Coronavirus fuels modern slavery threat for Asian garment workers

For the first time, India and Bangladesh were in the 'extreme risk' category, joining China and Myanmar in a group of 32 countries with the worst risk of slave labour, according to a global index.

Garment workers bangladesh covid 19
Garment workers return from a workplace as factories reopened after the government has eased the restrictions amid concerns over the coronavirus disease outbreak in Dhaka, Bangladesh. Image: REUTERS/Mohammad Ponir Hossain

The risk of modern slavery in Asian manufacturing hubs has surged and is set to worsen with the economic impact of the new coronavirus, increased labour rights violations and poor law enforcement, a global index found on Friday.

For the first time, India and Bangladesh were in the “extreme risk” category, joining China and Myanmar in a group of 32 countries with the worst risk of slave labour, the Modern Slavery index by risk analytics company Verisk Maplecroft found.

The risks faced by workers in Cambodia and Vietnam also rose to their highest in four years, taking 32nd and 35th places in the ranking of 198 countries which identified North Korea, Yemen and Syria as the three worst nations for slave labour.

“What makes the situation even more alarming is that modern slavery risks are set to intensify as countries grapple with the economic fallout of the pandemic,” said Sofia Nazalya, a human rights Analyst at Verisk Maplecroft.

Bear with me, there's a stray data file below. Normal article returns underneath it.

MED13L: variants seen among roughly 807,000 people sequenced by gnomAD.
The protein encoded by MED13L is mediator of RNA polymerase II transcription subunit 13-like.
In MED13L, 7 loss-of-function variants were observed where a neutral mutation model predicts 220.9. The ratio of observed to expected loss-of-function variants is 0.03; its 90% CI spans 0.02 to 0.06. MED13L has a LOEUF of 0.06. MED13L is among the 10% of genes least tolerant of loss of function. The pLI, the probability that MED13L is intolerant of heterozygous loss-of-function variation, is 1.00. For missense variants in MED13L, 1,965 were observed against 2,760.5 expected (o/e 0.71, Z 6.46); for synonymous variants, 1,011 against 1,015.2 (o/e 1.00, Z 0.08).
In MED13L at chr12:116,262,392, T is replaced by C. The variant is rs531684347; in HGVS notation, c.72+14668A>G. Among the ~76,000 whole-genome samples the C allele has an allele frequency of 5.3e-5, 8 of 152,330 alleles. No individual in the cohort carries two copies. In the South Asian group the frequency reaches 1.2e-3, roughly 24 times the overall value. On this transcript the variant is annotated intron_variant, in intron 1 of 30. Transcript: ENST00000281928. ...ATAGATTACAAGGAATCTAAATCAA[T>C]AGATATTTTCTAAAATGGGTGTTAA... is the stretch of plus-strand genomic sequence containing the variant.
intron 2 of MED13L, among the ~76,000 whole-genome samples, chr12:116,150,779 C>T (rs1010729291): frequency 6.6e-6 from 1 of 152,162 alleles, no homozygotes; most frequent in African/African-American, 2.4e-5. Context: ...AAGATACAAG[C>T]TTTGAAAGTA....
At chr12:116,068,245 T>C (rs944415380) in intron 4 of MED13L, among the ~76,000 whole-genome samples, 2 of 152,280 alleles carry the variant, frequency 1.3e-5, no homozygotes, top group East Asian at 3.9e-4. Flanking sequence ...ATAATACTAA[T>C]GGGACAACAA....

“As more workers are pushed into the informal sector, they will be at greater risk of facing more exploitative forms of work, some of which could amount to forced labour conditions,” she told the Thomson Reuters Foundation in emailed comments.

Garment workers supplying global fashion brands lost up to $5.8 billion in wages from March to May, the Clean Clothes Campaign pressure group said last month, as the Covid-19 pandemic led to store closures and cancelled orders.

About 60 million people work in Asia’s garment industry and falling sales have put many jobs at risk. Laid-off workers are likely to turn to exploitative jobs or may put their children to work to cope with the loss of earnings, industry experts say.

“Even in the same jobs, the conditions have become more exploitative,” said Apoorva Kaiwar, Regional Secretary for South Asia at IndustriALL Global Union, a federation that represents workers in 140 countries.

“Our affiliates have reported wage cuts in existing jobs as well as removal of facilities such as transport and canteen with subsidised food. For those who have lost jobs, they are unable to find jobs with comparable wages and benefits.”

Travel restrictions and measures to reduce the spread of Covid-19 have made it harder for companies to carry out audits to ensure ethical working practices in their supply chains, said the slavery index, which aims to help businesses identify risk.

“The reputational risk to brands from association with modern slavery is … now higher than at any other time over recent years,” said Nazalya.

This story was published with permission from Thomson Reuters Foundation, the charitable arm of Thomson Reuters, that covers humanitarian news, climate change, resilience, women’s rights, trafficking and property rights. Visit http://news.trust.org/climate.

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